If turkey hunters remember last spring, and recall the cold and winds that lingered throughout their season, then Saturday’s opening day in the state’s three turkey hunting areas shouldn’t come as a shock.
Opening morning temperatures are predicted to dip into the low 40s with moderate northerly winds. Yet with a much-warmer spring than those days leading up to last spring’s season, reports are that the gobblers are ready to listen to calls. That was the word coming from successful trips made during last weekend’s youth-only and physically challenged hunters’ opportunities to get into the woods.
The opener comes with a list of do’s and don’ts from veteran hunters and state wildlife managers, the latter group sending out the message that hunters need to know the rules and know what’s considered baiting before state Enforcement Division agents write citations for what could be substantial fines.
Briefly stated, you can’t put out any lure to attract turkeys, not corn, nor any other grain, nor salt, and you can’t hunt a spot where turkeys would travel to reach bait. There’s a 200-yard rule covering this baiting regulation, and there’s a 15-day waiting period for hunters after the bait (or lure) has been removed.
Tags are another mandate: Hunters must carry tags into the field and must affix the tag to the gobbler’s leg before removing the bird from the field. Remember, too, that it’s a gobbler-only take with a daily limit of one and season limit of two.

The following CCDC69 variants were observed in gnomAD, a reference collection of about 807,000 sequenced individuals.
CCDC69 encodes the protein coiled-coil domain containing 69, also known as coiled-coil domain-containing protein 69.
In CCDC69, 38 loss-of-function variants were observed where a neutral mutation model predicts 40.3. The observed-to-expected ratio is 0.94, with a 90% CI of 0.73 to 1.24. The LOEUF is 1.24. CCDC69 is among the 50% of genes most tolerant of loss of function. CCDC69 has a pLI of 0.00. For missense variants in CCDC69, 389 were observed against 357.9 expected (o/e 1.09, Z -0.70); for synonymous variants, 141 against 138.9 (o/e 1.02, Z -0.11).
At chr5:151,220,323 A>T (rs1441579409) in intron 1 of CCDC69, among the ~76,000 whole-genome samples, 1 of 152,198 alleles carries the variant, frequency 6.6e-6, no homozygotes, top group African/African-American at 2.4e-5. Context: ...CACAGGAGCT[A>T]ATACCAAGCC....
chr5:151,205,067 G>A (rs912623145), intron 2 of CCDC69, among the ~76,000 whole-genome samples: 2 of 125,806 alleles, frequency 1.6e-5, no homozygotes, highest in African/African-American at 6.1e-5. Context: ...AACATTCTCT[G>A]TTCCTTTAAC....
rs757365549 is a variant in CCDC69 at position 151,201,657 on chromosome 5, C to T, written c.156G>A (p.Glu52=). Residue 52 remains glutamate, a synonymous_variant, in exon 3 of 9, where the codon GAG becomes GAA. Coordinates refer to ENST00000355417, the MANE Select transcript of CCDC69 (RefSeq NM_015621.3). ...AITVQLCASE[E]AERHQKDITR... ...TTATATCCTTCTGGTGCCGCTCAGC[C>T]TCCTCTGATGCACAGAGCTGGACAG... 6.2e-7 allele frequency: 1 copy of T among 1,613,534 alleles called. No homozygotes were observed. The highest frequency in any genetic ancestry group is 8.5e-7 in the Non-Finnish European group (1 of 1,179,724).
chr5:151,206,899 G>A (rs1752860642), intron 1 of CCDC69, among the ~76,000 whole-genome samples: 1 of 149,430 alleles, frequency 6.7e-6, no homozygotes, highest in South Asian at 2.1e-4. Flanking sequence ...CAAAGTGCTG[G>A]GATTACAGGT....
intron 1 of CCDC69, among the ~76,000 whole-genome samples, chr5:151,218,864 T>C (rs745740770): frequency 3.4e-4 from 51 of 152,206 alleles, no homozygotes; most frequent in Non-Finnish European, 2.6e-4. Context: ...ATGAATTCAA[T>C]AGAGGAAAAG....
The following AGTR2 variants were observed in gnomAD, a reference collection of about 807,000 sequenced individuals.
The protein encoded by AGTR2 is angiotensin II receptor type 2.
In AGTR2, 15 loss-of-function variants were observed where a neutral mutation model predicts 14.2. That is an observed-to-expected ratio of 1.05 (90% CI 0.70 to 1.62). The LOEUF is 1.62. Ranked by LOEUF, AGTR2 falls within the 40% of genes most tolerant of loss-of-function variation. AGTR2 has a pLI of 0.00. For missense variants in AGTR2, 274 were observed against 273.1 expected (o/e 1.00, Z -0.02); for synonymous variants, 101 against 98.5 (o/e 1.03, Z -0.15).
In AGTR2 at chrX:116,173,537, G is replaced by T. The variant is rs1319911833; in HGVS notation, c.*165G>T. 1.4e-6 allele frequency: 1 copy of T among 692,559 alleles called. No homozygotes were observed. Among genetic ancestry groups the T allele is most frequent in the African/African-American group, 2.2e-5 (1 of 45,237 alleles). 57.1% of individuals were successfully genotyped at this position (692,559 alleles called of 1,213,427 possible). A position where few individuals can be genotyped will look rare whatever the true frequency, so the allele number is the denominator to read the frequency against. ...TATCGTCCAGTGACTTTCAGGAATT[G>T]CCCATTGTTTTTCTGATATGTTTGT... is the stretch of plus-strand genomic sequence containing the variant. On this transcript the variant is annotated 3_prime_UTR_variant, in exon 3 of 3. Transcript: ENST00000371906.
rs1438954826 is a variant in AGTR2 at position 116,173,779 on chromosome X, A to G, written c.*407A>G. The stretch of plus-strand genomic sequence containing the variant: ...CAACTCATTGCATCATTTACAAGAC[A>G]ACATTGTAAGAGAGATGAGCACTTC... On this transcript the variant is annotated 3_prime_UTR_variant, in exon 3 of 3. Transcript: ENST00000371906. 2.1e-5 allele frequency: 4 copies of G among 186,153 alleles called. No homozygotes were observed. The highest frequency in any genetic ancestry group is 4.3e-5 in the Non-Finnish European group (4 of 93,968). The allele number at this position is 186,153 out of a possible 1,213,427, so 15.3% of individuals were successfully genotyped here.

Know, too, that safety is paramount. Opening-day hunters should be aware that they might not be the only hunter in the woods, that other hunters who didn’t have the chance to scout might be on the move seeking gobblers.
For hunters on the move, the best advice from veterans is to move slowly and deliberately, and to wear Hunter’s Orange to and from the field.
A Wednesday note from Wildlife and Fisheries from anyone drawn in this weekend’s hunt on the Dewey W. Wills Wildlife Management Area: the Sandy Bayou and Muddy Bayou roads in the WMA are closed because of backwater flooding.
On the local scene, most youngsters fishing Sunday’s Denham Springs-based Junior Southwest Bassmasters event out of Doiron’s Landing stayed on the Verret side and all 24 young anglers caught bass, including limits for Jackson Landry and Caleb Roblin, in the 7-10 age group.
On the pros side, Gonzales’ Greg Hackney opened defense of his 2015 Angler of the Year title on the Bassmaster Elite Series tour with a fifth-place finish. Chris Lane won the Sabine River event, his seventh major title, and is going home to Lake Guntersville for the April 9-12 Elite event.